Insurance Awareness Day
Friday, June 28th is Insurance Awareness Day. Make an appointment today to sit down with your insurance agent to ensure you have the coverage you need should disaster ever strike your home or business. All too often we deal with customers who are disappointed to find that their Homeowners Insurance Policy does not adequately cover their losses. The two problems we see most often are:
- No Coverage for a Sump Pump Failure. In most cases, a standard homeowner’s insurance policy does not provide coverage for water damage caused by sump pump failure. However, this type of coverage can be very affordable and can easily be added on to your standard homeowner’s insurance policy in the form of what’s called an endorsement. When this type of endorsement is active, it provides for coverage of property damage caused by water that has managed to back up and into your home from pipes, sewer systems, drains, sump pumps, water service, or any additional system that transfers fluids to and from your home.
- A Low Emergency Services Limit. All too often we see homeowners with a $2,500 - $5,000 Emergency Services Limit. And unfortunately, this is not enough to cover the average water loss. It may be enough to dry your basement or home to prevent secondary damage from mold and rot. But it often leaves no money left over for rebuilding your basement or home and restoring it to its original state. In order to restore your home and make the loss "Like it never even happened." we recommend at least $20,000 for Emergency Service Limits.
Make an appointment today to talk to your insurance agent about these 2 important things.
It’s that time of year when you will hear your local meteorologist talk about dew points and relative humidity. Simply stated humidity is the amount of water vapor (the gaseous state of water) in the air. Relative humidity is the amount of water vapor the air is holding as a percentage of what it could be holding if it were saturated. For example, if the relative humidity is 30%, the air contains 30% of the water vapor it could hold at that temperature. Higher temperatures have the capacity to hold more water vapor than lower temperatures. So as temperatures rise in the summer months, so too does the capacity for water vapor in the air. And too much water vapor in the air makes us feel uncomfortable and can damage our homes.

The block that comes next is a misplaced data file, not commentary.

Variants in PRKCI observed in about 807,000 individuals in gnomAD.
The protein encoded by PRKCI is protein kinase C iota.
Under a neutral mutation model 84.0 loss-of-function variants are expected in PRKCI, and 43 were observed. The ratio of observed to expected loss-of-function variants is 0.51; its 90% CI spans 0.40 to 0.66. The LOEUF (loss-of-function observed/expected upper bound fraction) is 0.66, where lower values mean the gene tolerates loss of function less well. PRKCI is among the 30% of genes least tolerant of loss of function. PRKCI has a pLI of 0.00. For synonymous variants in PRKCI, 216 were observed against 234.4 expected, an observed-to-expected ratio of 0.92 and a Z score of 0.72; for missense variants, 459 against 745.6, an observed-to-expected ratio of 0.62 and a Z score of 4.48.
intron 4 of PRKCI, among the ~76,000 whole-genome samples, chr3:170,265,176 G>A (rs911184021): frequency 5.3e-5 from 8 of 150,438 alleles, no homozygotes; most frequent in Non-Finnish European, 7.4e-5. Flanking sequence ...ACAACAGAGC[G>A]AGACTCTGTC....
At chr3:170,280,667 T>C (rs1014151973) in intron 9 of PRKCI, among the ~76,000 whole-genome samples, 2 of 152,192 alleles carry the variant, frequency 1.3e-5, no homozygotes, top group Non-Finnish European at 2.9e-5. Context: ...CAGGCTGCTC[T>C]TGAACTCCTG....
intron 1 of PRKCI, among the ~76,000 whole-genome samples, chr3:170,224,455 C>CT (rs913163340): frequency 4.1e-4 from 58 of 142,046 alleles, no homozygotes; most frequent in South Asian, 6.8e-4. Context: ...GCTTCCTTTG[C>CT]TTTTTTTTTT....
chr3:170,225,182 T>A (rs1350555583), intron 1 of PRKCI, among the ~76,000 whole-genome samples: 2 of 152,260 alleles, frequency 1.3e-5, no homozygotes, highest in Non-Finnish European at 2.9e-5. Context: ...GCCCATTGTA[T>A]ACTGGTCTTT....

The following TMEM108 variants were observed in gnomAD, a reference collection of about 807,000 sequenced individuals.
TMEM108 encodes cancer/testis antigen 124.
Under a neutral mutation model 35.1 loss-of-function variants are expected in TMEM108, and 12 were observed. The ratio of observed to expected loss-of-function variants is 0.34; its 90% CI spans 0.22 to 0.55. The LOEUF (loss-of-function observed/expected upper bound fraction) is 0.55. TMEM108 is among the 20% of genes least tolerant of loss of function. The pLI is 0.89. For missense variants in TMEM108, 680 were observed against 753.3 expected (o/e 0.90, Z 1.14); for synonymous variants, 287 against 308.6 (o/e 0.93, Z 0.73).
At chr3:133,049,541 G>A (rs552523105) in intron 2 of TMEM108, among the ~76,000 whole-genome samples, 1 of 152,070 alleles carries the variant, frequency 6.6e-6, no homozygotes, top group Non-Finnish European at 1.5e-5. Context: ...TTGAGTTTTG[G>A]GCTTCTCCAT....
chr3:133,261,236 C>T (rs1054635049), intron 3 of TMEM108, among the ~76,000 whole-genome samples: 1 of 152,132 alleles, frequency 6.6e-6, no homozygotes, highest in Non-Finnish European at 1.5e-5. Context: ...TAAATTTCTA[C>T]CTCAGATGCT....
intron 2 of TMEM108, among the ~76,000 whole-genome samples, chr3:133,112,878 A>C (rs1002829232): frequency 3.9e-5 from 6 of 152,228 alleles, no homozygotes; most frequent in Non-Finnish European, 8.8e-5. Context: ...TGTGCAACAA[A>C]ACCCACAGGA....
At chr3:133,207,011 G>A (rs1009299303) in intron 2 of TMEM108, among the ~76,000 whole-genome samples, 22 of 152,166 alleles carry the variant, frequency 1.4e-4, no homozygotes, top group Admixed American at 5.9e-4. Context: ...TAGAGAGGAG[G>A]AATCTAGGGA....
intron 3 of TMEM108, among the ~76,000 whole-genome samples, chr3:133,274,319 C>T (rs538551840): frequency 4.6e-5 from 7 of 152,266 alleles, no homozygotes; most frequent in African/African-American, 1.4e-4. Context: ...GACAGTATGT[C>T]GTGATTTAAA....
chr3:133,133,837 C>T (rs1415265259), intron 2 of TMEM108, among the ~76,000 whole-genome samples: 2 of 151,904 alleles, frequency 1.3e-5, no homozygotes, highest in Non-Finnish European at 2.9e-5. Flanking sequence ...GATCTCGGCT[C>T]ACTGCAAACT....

When our body temperature rises, we begin to sweat. As the water in our sweat evaporates, it cools our skin. When the relative humidity is high, the air around us has less capacity to take in our evaporating sweat, making it more difficult for us to cool off, and making us feel uncomfortable.
In our homes, high humidity can cause condensation on walls and windows and it can cause mold. As discussed in earlier blog posts, mold is bad for our homes because it feeds on and decomposes any organic material. Organic materials are any type of materials that are found in nature or are made from items that are found in nature. Examples of organic materials in our homes and businesses include wood, textiles and paper.
It’s important during these summer months when humidity levels outdoors can spike, to reduce humidity in our homes and businesses to keep us comfortable and prevent damage. In general relative humidity levels below 50 are considered comfortable and will help prevent mold growth. The two easiest ways to do this are to run air conditioning or a dehumidifier.